On the environmental side, according to a recent study, bike share users reported taking 55% fewer trips by car (including private cars, taxis and ridesharing); users of Mobike, the second-largest bike share in China, have traveled more than 2.5 billion kilometers — the equivalent of reducing carbon emissions by 540,000 tons, or taking 170,000 cars off the road for a year, or planting 30 million trees, or saving 29 million tons of oil.3

Why China’s Technological Growth Stands Out

Technology is transforming the world, but two factors benefit China disproportionally. First, the Chinese government’s powerful control over the country’s economy and society allows it to be more effective in driving change. One example is China’s ability to quickly build up its high-speed rail network; if needed, the government can mandate households residing on the proposed rail routes to move. Another example is the rapid construction of the country’s broadband and wireless network. With a strong internet structure deemed a strategic imperative, China’s current 4G network covers 98% of its population, even though for some sparsely populated areas this is not immediately economic. In addition, under the government’s instruction, wireless carriers have been reducing the price of wireless data consumption every year. Last year, the broadband download speed increased by 43%, while the price was down by 65% year over year. The result is excellent affordability. China Mobile’s family plan (for three people) of broadband, cell phone and cable TV use starts at $20 per month, easily affordable for even immigrant workers.

The second factor is China’s lack of existing infrastructure, which has actually helped technology growth. For example, China’s lack of expansive retail outlets, especially in rural areas, enabled faster adoption for ecommerce. In addition, China’s limited credit card penetration has facilitated the more rapid penetration of mobile payment. In many cases not having existing infrastructure allows China to leapfrog old generations of structure or technology and rapidly adopt new technologies without being slowed down by the incumbent system or consumer inertia. In this way China is driving higher-quality growth and becoming an industry leader in some of these emerging uses of technology.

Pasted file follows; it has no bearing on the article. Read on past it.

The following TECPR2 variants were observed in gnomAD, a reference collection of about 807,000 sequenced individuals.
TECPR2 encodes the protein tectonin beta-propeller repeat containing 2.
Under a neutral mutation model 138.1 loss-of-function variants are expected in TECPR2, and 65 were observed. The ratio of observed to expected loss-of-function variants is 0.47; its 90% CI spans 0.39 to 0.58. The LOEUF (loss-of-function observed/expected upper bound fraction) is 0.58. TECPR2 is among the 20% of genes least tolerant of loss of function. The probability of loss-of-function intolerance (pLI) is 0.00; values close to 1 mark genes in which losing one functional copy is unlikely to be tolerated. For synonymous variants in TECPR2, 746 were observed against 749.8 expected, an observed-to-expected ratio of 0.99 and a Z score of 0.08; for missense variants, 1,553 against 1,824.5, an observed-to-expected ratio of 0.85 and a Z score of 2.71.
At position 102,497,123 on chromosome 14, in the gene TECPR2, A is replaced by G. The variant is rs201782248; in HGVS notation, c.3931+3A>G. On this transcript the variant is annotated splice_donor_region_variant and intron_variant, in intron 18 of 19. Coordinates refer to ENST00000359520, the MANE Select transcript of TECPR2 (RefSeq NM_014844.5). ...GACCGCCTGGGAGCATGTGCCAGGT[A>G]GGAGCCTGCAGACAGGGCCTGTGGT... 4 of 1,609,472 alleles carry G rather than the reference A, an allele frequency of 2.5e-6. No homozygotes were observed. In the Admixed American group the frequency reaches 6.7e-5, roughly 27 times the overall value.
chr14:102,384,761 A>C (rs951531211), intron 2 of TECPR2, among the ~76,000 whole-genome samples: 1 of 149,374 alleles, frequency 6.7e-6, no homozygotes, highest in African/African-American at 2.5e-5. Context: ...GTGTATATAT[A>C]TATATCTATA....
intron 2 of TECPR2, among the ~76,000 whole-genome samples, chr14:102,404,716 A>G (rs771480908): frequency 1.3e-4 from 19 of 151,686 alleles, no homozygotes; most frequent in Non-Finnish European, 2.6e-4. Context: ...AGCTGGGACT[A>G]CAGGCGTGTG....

Jean Yu, CFA, PhD

Portfolio Manager
18 Years experience
18 Years at ClearBridge

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  • All opinions and data included in this commentary are as of March 19, 2018, and are subject to change. The opinions and views expressed herein are of Jean Yu and may differ from other analysts, or the firm as a whole, and are not intended to be a forecast of future events, a guarantee of future results or investment advice. This information should not be used as the sole basis to make any investment decision. The statistics have been obtained from sources believed to be reliable, but the accuracy and completeness of this information cannot be guaranteed. Neither ClearBridge Investments nor its information providers are responsible for any damages or losses arising from any use of this information.

    Past performance is no guarantee of future results.


  • [1] Ke, Xiao; Chen, Haiqiang; Hong, Yongmiao; Hsiao, Cheng. “Do China’s High-Speed-Rail Projects Promote Local Economy?” China Economic Review, 2017. 

  • [2] Korella, Jan Lukas, Deutsche Bundesbank. “Cash and Cards vs Smartphone? - Outcomes of a Comparative Study on Retail Payment Behaviour in China and Germany.” 2017.

  • [3] “Bike-Sharing and the City: 2017 White Paper.” Published by Mobike with the support of the China New Urbanization Research Institute and in association with the Beijing Tsinghua Tong Heng Planning and Design Institute and based on quantitative and qualitative analysis of Mobike’s travel data and the results of a survey of 100,000 people across 36 cities in China.